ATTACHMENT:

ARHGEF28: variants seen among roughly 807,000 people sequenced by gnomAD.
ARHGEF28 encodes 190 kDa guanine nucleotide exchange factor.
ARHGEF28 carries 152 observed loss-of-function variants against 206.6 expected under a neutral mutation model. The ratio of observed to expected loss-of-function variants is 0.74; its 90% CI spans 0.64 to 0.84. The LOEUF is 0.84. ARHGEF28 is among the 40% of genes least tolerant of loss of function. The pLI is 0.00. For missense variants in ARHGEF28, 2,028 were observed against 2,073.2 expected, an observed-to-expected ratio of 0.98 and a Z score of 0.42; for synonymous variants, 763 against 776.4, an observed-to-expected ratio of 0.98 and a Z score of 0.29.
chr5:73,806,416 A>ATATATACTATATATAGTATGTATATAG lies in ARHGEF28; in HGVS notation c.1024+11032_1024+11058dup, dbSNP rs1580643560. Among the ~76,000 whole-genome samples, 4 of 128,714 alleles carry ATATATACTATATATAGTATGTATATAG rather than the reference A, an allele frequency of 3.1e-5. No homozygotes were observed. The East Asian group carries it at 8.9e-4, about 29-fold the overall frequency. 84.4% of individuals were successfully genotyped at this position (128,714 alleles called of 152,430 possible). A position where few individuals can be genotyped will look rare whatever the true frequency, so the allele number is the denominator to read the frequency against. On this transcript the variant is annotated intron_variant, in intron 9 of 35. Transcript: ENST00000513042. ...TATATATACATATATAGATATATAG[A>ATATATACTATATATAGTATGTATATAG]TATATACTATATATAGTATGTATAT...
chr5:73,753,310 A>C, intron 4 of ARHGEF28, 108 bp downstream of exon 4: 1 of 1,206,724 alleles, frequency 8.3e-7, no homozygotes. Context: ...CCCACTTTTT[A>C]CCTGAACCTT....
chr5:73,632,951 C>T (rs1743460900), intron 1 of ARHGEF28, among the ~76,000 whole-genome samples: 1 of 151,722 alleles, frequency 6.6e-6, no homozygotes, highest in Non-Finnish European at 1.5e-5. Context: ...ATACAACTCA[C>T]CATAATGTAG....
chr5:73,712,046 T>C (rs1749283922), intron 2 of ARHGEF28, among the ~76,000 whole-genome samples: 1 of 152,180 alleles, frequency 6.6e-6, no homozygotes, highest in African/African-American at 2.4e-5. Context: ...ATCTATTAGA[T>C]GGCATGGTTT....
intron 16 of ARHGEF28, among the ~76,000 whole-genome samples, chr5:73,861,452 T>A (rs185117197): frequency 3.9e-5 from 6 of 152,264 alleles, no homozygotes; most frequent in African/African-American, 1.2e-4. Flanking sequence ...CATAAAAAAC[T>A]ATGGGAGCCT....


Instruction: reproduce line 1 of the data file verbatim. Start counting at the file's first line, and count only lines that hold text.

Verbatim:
ARHGEF28: variants seen among roughly 807,000 people sequenced by gnomAD.